Orlando City's disappointing performance against the New York Red Bulls on Sunday night drew a lot of attention to the performance of the referees. But even if calls were missed or game flow was affected, Hilario Grajeda wasn't the one letting Bradley Wright-Phillips and Mike Grella get in space and score.
Defense has always been an issue for Adrian Heath's side in MLS and the early season indicators are that is hasn't improved. In fact, if not for some heroics from Joe Bendik, it would likely be worse. The old adage of "defense wins championships" applies to MLS, and the Lions won't even find themselves in the postseason without it.
In 2015, only D.C. United qualified for the playoffs with a negative goal differential, and only Columbus and Toronto qualified while allowing more than 47 goals, largely thanks to the stellar goal scoring of Kei Kamara and Sebastian Giovinco. Orlando City finished with 56 goals allowed and a goal difference of negative 10. And so far this season, they are the only team above the red line in the Eastern Conference with more than 10 goals allowed.
On paper, the defense should have devolved. Seb Hines struggled to keep his starting job with Sean St. Ledger and David Mateos competing with him for most of last season, and Tommy Redding only made brief cameos when City center backs were dropping with injuries weekly. Redding's improvement and talent has been noted, but he still makes youthful mistakes. The pair has managed to post one clean sheet this season, thanks in large part to Bendik's six saves at Yankee Stadium.
While the offense has managed to grind out results, they aren't going to outscore opponents every week. Asking for a minimum of two goals, and more often three, per match is not something the Lions can keep up for months on end. Stopping the silly fouls in and around the box can help stem the free kick goals, but the goals from open play are the far more worrying issue.
There are two ways this problem can be solved: change the system or buy a better defense.
Heath's attacking 4-2-3-1 is extremely prone to being caught by counter attacks. With the fullbacks bombing forward, there is extra pressure on the central defenders and one of the central midfielders to cover for them on the defensive end. The one thing that cannot happen for this to be effective is giving the ball away cheaply, which seems to be the trend of 2016 -- especially when the center backs lack athleticism.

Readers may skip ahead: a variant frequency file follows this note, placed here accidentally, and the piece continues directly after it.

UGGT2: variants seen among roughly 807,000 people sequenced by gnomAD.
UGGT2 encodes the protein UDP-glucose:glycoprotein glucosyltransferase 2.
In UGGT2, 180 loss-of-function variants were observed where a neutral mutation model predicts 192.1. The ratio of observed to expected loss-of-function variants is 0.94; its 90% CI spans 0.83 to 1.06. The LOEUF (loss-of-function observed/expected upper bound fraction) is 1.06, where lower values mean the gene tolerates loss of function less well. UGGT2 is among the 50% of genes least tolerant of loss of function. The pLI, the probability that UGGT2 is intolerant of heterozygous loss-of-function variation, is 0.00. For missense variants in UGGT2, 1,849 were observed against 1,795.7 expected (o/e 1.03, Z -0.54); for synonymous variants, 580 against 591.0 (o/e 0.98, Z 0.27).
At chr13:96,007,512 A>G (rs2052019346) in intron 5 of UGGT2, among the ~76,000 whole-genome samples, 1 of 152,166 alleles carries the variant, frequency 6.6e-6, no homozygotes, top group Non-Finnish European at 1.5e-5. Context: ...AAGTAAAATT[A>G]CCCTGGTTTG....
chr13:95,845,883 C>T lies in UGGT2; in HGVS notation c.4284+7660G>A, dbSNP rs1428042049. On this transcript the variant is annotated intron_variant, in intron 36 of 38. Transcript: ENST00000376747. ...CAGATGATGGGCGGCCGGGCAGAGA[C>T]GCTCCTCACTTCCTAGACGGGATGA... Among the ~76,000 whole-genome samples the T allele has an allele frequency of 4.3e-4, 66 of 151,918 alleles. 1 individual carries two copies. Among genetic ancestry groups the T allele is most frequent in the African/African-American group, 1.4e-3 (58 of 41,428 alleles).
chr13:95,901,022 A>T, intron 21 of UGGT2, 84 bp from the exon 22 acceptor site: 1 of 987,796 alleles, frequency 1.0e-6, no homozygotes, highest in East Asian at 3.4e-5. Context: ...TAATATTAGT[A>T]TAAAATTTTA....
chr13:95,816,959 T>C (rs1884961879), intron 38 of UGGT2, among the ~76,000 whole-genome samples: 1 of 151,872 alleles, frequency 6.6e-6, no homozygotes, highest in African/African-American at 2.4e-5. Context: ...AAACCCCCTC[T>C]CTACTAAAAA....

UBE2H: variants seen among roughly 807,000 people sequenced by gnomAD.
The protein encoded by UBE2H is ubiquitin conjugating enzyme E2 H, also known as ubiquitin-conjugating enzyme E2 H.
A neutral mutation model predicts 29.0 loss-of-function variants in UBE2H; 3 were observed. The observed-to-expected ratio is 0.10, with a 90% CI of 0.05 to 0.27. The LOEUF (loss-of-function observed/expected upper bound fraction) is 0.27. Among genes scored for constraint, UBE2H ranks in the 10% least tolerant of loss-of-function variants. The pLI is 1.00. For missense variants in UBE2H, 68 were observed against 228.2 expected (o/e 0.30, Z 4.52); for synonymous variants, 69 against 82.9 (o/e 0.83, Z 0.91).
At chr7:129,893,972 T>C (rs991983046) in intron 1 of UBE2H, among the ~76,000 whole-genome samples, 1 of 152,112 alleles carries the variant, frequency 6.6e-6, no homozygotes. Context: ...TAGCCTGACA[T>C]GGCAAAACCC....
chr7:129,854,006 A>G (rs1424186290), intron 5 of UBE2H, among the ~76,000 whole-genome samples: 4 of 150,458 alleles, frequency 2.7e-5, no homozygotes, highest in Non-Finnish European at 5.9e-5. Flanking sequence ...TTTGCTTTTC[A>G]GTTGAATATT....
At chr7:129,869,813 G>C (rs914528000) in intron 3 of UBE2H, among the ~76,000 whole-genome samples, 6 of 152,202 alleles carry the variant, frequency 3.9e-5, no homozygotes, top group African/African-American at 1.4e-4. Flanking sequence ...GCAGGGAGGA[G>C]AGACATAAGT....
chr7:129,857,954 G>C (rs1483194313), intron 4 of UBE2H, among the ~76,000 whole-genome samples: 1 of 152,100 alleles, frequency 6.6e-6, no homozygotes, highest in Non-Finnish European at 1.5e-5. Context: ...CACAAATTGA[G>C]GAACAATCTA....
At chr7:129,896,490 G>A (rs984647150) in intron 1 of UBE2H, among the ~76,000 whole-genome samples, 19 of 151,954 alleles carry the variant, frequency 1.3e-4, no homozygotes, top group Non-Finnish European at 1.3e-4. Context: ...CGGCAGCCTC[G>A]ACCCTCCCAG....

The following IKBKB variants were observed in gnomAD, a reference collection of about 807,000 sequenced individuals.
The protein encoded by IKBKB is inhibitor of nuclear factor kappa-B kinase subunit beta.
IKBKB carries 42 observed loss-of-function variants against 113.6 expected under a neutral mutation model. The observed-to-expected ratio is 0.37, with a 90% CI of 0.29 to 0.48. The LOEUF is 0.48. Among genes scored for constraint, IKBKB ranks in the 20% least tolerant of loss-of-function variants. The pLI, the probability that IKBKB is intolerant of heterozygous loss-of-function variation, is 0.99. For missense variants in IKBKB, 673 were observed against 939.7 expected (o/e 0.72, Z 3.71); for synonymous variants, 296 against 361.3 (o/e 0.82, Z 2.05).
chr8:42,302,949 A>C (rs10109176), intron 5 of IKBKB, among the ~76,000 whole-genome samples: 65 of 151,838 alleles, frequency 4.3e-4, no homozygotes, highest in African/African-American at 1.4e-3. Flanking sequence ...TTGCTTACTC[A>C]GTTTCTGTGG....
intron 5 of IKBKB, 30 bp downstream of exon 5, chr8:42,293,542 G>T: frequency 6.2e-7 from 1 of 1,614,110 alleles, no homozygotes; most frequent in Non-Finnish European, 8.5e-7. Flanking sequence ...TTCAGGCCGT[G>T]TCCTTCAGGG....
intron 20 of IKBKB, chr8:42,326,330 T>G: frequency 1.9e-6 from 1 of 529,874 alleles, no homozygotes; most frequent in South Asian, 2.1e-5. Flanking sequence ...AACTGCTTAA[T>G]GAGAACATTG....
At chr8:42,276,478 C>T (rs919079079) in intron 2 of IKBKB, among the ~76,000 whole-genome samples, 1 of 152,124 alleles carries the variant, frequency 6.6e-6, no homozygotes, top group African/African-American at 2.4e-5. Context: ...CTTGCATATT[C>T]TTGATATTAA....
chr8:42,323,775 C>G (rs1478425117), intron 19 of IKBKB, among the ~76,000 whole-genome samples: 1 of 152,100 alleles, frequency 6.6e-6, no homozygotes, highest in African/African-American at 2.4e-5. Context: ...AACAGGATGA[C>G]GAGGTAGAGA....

The formation should be able to absorb offensive pressure from the middle of the pitch with the added help from the midfield but, as we saw against the Red Bulls, that doesn't always matter if the center backs can't deal with crosses into the box from wide positions. But Heath likely won't change his preferred style of play. After all, it is attractive soccer when the team is performing and, given the right personnel, it can be highly effective against multiple schemes.
The simplest way to solve City's defensive woes is to buy better defenders. Hines is a good option, but perhaps not as a starter. Redding has a ridiculously high ceiling, but he's not quite Matt Miazga yet. Orlando City's defensive spending has been wide of the mark so far, which has caused some problems. Aurélien Collin and Mateos, now bench warmers, make a combined $800,000. In a salary-capped league, money like that can't just sit idly by. Laurent Ciman, the 2015 MLS Defender of the Year, made $370,000. That number doesn't even sniff the top five for defender base salaries, with Liam Ridgewell ($1,000,000), Matt Besler ($650,000), Gaston Sauro ($583,200), Collin ($500,000), and Brek Shea ($475,000) in that exclusive club.
But making room for a new defender would be difficult. Because of Collin's salary, lack of performance, and international status, he will be difficult to move. Mateos might be slightly easier due to his smaller budget charge, but he fits Heath's system better. If Orlando City could somehow make room, there would potentially be new, high-profile defenders available in the summer. Chelsea legend John Terry is reportedly considering MLS and will be available on a free transfer in July. If the club is sticking with its high profile players having a Kaká connection, Brazilian Dante would reportedly consider a move stateside. Both of them would be Designated Players, but would be immediate improvements. Whether or not the club could afford to bring them in, on top of buying down the DP tags on Carlos Rivas or Bryan Róchez, is another matter entirely. There are smaller-profile options, but, like Mateos, they run at a higher risk of failure. The club cannot afford to swing and miss too many more times.
It looks to be an uphill challenge for Orlando for any significant improvement. Barring a major shakeup to the team's budget and roster, they may just have to wait for Redding to improve. Perhaps bringing in a defensive assistant coach would make moderate improvements, but Mark Watson was supposed to be that assistant. Perhaps a shakeup in the backroom would make more of an impact than player personnel. Whatever the case may be, Orlando needs to find a solution this season or the team could be on the outside looking in when the postseason rolls around.